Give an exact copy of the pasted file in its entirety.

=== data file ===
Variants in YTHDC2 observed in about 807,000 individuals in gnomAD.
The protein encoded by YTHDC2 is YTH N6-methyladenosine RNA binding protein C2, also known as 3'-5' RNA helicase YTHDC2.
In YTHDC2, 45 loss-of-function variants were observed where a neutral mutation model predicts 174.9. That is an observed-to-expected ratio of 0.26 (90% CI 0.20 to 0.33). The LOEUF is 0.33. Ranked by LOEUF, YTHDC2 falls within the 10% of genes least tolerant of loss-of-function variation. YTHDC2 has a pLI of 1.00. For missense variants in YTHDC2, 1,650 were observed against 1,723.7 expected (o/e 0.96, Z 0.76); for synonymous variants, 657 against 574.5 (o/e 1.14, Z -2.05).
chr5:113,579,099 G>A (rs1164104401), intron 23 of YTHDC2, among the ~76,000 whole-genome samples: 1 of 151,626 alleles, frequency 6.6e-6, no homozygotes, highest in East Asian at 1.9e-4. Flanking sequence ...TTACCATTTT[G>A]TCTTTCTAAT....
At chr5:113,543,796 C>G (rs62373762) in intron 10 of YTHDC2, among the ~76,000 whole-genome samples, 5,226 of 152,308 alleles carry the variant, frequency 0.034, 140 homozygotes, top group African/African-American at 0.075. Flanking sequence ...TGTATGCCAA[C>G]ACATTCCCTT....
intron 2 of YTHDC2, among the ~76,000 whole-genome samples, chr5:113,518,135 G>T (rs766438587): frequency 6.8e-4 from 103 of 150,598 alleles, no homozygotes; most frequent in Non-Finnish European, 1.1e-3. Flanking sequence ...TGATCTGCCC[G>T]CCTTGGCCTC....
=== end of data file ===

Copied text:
Variants in YTHDC2 observed in about 807,000 individuals in gnomAD.
The protein encoded by YTHDC2 is YTH N6-methyladenosine RNA binding protein C2, also known as 3'-5' RNA helicase YTHDC2.
In YTHDC2, 45 loss-of-function variants were observed where a neutral mutation model predicts 174.9. That is an observed-to-expected ratio of 0.26 (90% CI 0.20 to 0.33). The LOEUF is 0.33. Ranked by LOEUF, YTHDC2 falls within the 10% of genes least tolerant of loss-of-function variation. YTHDC2 has a pLI of 1.00. For missense variants in YTHDC2, 1,650 were observed against 1,723.7 expected (o/e 0.96, Z 0.76); for synonymous variants, 657 against 574.5 (o/e 1.14, Z -2.05).
chr5:113,579,099 G>A (rs1164104401), intron 23 of YTHDC2, among the ~76,000 whole-genome samples: 1 of 151,626 alleles, frequency 6.6e-6, no homozygotes, highest in East Asian at 1.9e-4. Flanking sequence ...TTACCATTTT[G>A]TCTTTCTAAT....
At chr5:113,543,796 C>G (rs62373762) in intron 10 of YTHDC2, among the ~76,000 whole-genome samples, 5,226 of 152,308 alleles carry the variant, frequency 0.034, 140 homozygotes, top group African/African-American at 0.075. Flanking sequence ...TGTATGCCAA[C>G]ACATTCCCTT....
intron 2 of YTHDC2, among the ~76,000 whole-genome samples, chr5:113,518,135 G>T (rs766438587): frequency 6.8e-4 from 103 of 150,598 alleles, no homozygotes; most frequent in Non-Finnish European, 1.1e-3. Flanking sequence ...TGATCTGCCC[G>T]CCTTGGCCTC....